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» Hatrack River Forum » Active Forums » Books, Films, Food and Culture » The lamps are going out (Page 1)

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Author Topic: The lamps are going out
Elison R. Salazar
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Countdown to World War III anyone? Sevastopol seems to want to secede and be annexed by Russia, Russia is redeploying troops to the border and airborne assault forces and the Crimea in general seems to be a tinderbox.

There's also speculation that allowing this move (which seems likely, as it seems to be said that it'ld be a net positive for Ukraine) may be also a precedent to justify annexing the Donbas region as well (again, there seem to be some who suggest this is a net positive for Ukraine).

If things progress will NATO and the EU start drawing red lines and will there be a scramble to avert world war?

You decide, we influence the results.

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Samprimary
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quote:
Countdown to World War III anyone?
not even close
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Lyrhawn
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I think the Crimea only breaks away if Ukraine splits in two for real. If the West breaks away to form its own nation and seeks closer ties to the EU and the East goes to Russia, the East and Russia will get the Crimea.

But there's no way Russia will annex it outright.

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Szymon
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I agree with Lyrhawn. Western Ukraine is a completely different country from the East.

I really hope they won't split up. Eastern Ukraine would de facto become a part of Russia. I don't like the way Russia and UE interfere with Ukrainian politics. How Sikorski was talking to the protesters, for example, as if Ukraine was UE's and Russias condominium and not an independent state.How he talks to those people.
And, everybody looks at those Majdan guys like they're heroes. I can't see good ones and bad ones here, at all.

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Elison R. Salazar
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I believe its the Crimea that's smouldering the most of the various regions, being an autonomous republic it has a more independent streak that the eastern regions.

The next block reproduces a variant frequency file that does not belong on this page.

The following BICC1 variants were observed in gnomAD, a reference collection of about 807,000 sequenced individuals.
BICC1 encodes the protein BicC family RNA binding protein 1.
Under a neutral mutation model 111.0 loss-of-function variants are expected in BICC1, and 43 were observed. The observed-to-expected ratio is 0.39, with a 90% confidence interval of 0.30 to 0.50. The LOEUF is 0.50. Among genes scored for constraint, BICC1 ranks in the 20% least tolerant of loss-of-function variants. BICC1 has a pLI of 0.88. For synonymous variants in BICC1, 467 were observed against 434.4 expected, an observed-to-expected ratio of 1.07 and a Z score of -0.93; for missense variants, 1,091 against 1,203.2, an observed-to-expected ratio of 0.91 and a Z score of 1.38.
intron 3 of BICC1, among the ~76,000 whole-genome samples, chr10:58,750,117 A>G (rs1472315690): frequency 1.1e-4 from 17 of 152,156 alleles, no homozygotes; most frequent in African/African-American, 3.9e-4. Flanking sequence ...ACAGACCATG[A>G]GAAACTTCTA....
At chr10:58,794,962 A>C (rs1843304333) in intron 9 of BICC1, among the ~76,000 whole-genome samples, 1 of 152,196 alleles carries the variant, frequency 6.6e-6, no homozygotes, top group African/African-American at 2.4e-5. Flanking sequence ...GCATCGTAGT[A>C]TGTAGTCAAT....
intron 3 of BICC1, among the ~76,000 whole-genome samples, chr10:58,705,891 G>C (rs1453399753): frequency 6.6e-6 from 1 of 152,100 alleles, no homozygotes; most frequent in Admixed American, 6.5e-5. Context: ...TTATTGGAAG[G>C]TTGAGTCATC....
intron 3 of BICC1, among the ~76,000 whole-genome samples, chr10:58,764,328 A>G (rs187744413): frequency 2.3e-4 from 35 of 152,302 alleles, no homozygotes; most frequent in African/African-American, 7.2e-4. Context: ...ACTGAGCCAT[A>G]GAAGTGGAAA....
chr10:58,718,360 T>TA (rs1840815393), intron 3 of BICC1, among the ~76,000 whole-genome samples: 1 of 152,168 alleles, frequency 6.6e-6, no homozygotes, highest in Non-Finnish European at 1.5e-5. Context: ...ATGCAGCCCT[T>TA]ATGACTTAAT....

The things that muddle the rightness/wrongness of the situation is the extent that fascists, ukrainian ultranationalists and neonazi's have infiltrated the maidan movement. For example something of a witchhunt has begun for old soviet monuments such as the Red star on the parliament building was removed without an election yet; this along with repealing the language bill that allowed regions to have Russian as an official language are all playing into this and adding to the sense of victimization of the Russophone population.

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Rakeesh
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I'm not really surprised to hear you taking pro-Russian propaganda at face value like this, Elison. I've yet to see credible evidence that there is serious 'inflitration' by fascist, or even that anyone other than pro-Russian outlets are saying so.

http://www.nybooks.com/articles/archives/2014/mar/20/fascism-russia-and-ukraine/?insrc=hpss

I'll just skip the part where I mention how tiresome it is, to simply eat up a Putin-inspired line so readily and endorse it to others, Elison. What next? A stirring defense of the Eurasian Union?

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Aros
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quote:
Originally posted by Elison R. Salazar:

You decide, we influence the results.

[ROFL] [ROFL] [ROFL]
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BlackBlade
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A friend of mine at school from the Ukraine, feels pretty strongly that the country is going to split, and that her region (South East) should join Russia.
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Szymon
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quote:
Originally posted by Rakeesh:
I'm not really surprised to hear you taking pro-Russian propaganda